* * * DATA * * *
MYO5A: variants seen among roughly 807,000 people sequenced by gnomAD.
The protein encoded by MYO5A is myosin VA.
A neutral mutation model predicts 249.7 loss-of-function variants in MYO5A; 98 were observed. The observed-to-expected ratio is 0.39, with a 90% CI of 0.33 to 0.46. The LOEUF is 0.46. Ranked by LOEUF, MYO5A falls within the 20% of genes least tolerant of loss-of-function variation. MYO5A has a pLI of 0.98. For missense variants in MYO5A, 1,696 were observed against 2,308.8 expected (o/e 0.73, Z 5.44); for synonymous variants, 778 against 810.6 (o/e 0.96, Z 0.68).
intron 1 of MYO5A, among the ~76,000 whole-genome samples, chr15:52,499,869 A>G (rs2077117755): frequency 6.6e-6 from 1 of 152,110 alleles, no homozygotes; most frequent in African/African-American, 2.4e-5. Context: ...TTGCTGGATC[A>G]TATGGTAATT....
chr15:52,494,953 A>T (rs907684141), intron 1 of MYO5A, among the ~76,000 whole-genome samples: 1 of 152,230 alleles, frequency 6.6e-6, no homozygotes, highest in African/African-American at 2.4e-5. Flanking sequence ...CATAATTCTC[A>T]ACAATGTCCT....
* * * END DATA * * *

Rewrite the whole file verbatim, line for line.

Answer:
MYO5A: variants seen among roughly 807,000 people sequenced by gnomAD.
The protein encoded by MYO5A is myosin VA.
A neutral mutation model predicts 249.7 loss-of-function variants in MYO5A; 98 were observed. The observed-to-expected ratio is 0.39, with a 90% CI of 0.33 to 0.46. The LOEUF is 0.46. Ranked by LOEUF, MYO5A falls within the 20% of genes least tolerant of loss-of-function variation. MYO5A has a pLI of 0.98. For missense variants in MYO5A, 1,696 were observed against 2,308.8 expected (o/e 0.73, Z 5.44); for synonymous variants, 778 against 810.6 (o/e 0.96, Z 0.68).
intron 1 of MYO5A, among the ~76,000 whole-genome samples, chr15:52,499,869 A>G (rs2077117755): frequency 6.6e-6 from 1 of 152,110 alleles, no homozygotes; most frequent in African/African-American, 2.4e-5. Context: ...TTGCTGGATC[A>G]TATGGTAATT....
chr15:52,494,953 A>T (rs907684141), intron 1 of MYO5A, among the ~76,000 whole-genome samples: 1 of 152,230 alleles, frequency 6.6e-6, no homozygotes, highest in African/African-American at 2.4e-5. Flanking sequence ...CATAATTCTC[A>T]ACAATGTCCT....